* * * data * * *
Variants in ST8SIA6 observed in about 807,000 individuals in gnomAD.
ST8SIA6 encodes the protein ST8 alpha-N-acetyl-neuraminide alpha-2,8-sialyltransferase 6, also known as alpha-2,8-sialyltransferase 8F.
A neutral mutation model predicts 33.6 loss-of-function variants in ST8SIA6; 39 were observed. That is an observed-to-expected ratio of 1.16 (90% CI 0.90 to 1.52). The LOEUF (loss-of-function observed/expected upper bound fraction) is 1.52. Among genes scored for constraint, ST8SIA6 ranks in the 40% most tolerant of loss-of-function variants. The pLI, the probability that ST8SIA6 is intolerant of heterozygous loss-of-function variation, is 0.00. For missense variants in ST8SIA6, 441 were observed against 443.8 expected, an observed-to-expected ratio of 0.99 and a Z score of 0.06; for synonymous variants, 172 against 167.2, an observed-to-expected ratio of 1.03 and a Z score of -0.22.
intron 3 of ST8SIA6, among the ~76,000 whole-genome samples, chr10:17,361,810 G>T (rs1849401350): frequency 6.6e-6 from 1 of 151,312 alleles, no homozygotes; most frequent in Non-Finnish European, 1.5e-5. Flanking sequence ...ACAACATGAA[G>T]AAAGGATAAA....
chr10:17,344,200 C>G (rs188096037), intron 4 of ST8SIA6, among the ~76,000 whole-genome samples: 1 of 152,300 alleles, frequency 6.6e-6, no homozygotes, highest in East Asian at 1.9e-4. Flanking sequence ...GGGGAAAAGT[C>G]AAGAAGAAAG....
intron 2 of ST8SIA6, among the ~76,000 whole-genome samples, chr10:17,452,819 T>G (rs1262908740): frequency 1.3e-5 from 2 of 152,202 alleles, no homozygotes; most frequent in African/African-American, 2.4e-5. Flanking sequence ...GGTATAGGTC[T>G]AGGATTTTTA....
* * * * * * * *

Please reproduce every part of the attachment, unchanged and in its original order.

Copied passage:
Variants in ST8SIA6 observed in about 807,000 individuals in gnomAD.
ST8SIA6 encodes the protein ST8 alpha-N-acetyl-neuraminide alpha-2,8-sialyltransferase 6, also known as alpha-2,8-sialyltransferase 8F.
A neutral mutation model predicts 33.6 loss-of-function variants in ST8SIA6; 39 were observed. That is an observed-to-expected ratio of 1.16 (90% CI 0.90 to 1.52). The LOEUF (loss-of-function observed/expected upper bound fraction) is 1.52. Among genes scored for constraint, ST8SIA6 ranks in the 40% most tolerant of loss-of-function variants. The pLI, the probability that ST8SIA6 is intolerant of heterozygous loss-of-function variation, is 0.00. For missense variants in ST8SIA6, 441 were observed against 443.8 expected, an observed-to-expected ratio of 0.99 and a Z score of 0.06; for synonymous variants, 172 against 167.2, an observed-to-expected ratio of 1.03 and a Z score of -0.22.
intron 3 of ST8SIA6, among the ~76,000 whole-genome samples, chr10:17,361,810 G>T (rs1849401350): frequency 6.6e-6 from 1 of 151,312 alleles, no homozygotes; most frequent in Non-Finnish European, 1.5e-5. Flanking sequence ...ACAACATGAA[G>T]AAAGGATAAA....
chr10:17,344,200 C>G (rs188096037), intron 4 of ST8SIA6, among the ~76,000 whole-genome samples: 1 of 152,300 alleles, frequency 6.6e-6, no homozygotes, highest in East Asian at 1.9e-4. Flanking sequence ...GGGGAAAAGT[C>G]AAGAAGAAAG....
intron 2 of ST8SIA6, among the ~76,000 whole-genome samples, chr10:17,452,819 T>G (rs1262908740): frequency 1.3e-5 from 2 of 152,202 alleles, no homozygotes; most frequent in African/African-American, 2.4e-5. Flanking sequence ...GGTATAGGTC[T>G]AGGATTTTTA....